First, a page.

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The elevated cost of carbon capture and storage (CCS) is currently hindering its implementation at large scale. We aim to design a ‘perfect’ solvent for the capture of carbon dioxide (CO2).

Main project funder category: UKCCSRC – Call 2
Funder name: UKCCSRC
Project date: Mar 2019
Lead institution: Imperial College London
Principal investigator(s): J. Hallett
Co-Investigator(s): N. Mac Dowell
Category: Capture
Primary research theme: Adsorption + Solids Absorption

Novel reductive rejuvenation approaches for degraded amine solutions from PCC in power plants

Aqueous amine scrubbing is currently considered to be the best available technology of carbon capture for both pulverised fuel and natural gas power plants. A major problem is the thermo-oxidative degradation of chemical amine solvents used, leading to a range of operational problems and the generation of…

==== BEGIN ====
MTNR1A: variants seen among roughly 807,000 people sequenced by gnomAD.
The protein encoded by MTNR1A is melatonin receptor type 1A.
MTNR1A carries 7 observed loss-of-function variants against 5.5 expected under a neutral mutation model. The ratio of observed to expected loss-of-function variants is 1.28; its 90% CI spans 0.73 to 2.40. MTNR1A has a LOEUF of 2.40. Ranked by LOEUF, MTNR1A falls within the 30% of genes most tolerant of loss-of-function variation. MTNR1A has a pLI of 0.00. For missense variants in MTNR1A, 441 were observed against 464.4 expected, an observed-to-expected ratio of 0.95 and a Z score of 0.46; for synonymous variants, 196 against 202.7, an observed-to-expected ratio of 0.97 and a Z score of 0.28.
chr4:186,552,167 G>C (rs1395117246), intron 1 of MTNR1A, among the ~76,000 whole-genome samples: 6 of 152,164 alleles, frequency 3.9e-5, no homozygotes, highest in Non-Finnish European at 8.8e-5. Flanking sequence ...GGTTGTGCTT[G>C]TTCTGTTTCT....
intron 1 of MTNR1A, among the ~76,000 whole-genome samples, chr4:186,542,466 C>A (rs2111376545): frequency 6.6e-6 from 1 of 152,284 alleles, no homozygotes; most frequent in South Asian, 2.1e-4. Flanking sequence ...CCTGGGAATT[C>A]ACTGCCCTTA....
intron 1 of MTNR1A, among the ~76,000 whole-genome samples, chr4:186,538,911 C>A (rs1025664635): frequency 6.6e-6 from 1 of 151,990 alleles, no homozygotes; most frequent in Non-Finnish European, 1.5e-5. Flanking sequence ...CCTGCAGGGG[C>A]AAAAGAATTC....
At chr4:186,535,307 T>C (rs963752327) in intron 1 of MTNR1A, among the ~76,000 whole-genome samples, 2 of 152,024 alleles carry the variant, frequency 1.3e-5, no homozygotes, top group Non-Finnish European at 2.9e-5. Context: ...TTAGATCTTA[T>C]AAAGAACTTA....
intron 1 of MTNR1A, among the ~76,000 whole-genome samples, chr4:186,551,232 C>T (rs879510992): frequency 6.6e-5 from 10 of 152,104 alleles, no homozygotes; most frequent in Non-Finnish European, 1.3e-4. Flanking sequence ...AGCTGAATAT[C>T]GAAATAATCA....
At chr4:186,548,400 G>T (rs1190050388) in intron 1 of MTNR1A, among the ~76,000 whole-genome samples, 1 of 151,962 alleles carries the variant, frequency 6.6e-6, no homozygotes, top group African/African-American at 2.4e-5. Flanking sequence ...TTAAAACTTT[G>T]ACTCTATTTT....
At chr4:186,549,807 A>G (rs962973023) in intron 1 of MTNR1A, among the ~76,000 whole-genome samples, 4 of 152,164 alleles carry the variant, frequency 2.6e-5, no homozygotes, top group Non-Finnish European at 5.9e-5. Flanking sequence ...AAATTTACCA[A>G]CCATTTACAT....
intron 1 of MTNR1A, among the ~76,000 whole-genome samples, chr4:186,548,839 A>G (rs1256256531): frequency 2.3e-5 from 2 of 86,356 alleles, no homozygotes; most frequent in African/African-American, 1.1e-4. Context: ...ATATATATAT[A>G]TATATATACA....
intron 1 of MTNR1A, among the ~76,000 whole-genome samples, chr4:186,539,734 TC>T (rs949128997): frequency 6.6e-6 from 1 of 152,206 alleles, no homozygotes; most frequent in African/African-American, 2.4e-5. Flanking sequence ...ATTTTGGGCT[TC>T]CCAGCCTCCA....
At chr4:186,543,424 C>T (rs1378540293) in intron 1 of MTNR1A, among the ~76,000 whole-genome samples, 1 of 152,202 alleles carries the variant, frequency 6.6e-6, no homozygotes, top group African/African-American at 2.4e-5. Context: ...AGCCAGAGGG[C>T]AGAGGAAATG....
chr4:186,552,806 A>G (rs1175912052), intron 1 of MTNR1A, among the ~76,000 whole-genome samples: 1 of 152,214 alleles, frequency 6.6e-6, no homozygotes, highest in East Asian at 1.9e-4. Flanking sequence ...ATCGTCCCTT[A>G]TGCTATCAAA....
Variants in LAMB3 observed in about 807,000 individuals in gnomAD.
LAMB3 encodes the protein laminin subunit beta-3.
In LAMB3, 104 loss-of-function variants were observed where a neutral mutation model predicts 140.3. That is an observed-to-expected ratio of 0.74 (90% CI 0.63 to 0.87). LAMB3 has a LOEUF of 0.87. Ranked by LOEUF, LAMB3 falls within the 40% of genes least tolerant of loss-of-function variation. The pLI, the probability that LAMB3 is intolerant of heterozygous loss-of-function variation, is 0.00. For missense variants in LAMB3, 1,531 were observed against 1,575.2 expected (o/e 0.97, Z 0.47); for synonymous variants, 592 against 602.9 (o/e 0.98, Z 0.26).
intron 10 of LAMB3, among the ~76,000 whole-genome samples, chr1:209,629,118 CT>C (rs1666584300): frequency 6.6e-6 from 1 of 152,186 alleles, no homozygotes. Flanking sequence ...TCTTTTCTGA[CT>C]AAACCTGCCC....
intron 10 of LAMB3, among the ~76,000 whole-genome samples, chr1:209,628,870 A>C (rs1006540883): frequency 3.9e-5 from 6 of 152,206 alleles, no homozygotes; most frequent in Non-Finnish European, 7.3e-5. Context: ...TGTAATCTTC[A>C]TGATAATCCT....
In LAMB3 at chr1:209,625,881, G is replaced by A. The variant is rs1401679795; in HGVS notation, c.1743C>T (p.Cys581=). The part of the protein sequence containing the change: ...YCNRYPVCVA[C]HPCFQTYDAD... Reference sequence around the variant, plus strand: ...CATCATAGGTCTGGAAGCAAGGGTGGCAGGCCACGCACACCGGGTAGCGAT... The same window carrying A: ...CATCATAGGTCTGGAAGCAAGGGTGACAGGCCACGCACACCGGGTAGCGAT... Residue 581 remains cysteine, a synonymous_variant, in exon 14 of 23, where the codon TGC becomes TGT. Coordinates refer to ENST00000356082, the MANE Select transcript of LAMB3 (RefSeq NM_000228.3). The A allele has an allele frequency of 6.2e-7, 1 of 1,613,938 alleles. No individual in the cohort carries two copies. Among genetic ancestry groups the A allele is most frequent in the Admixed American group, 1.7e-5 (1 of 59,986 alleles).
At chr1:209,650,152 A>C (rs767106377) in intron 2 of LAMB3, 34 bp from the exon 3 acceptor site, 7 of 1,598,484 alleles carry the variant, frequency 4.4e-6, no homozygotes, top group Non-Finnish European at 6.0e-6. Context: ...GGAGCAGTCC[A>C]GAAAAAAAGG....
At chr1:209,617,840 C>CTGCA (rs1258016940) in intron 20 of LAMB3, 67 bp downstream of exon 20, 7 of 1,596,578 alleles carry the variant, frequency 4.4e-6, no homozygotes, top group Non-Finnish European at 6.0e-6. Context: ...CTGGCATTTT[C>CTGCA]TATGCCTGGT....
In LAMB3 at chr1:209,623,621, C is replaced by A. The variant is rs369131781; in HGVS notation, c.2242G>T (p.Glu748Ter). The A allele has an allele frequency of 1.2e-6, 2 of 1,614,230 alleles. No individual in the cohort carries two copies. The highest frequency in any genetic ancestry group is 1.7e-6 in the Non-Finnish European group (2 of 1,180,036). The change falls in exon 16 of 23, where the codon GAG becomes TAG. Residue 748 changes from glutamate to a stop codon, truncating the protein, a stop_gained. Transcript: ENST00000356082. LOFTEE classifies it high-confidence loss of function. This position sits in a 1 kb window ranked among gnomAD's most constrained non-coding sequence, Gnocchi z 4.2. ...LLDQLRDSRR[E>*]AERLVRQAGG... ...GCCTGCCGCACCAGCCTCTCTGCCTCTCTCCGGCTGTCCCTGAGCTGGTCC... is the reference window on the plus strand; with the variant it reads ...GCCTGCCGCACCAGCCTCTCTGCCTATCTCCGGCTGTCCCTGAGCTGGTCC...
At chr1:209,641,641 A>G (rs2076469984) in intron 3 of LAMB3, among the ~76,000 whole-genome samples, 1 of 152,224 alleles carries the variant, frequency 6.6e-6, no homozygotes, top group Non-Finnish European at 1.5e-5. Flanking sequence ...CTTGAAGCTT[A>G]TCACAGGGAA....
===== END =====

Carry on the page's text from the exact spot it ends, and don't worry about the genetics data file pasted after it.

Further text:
Principal investigator(s): C. Sun
Lead institution: University of Nottingham

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Aqueous amine scrubbing is currently considered to be the best available technology of carbon capture for both pulverised fuel and natural gas power plants. A major problem is the thermo-oxidative degradation of chemical amine solvents used, leading to a range of operational problems and the generation of large quantities of hazardous aqueous waste. However, no existing technologies are able to effectively deal with these problems particularly the handling of the toxic waste solvent streams. The conversion of the degraded amines back to usable solvents or saleable products has been regarded as a novel effective way for cost reduction.

Aims and objectives

To investigate the feasibility of using reductive approaches, such as catalytic hydropyrolysis and hydrothermal treatments to rejuvenate the degraded amine solvents for reuse or convert them into highly value-added products.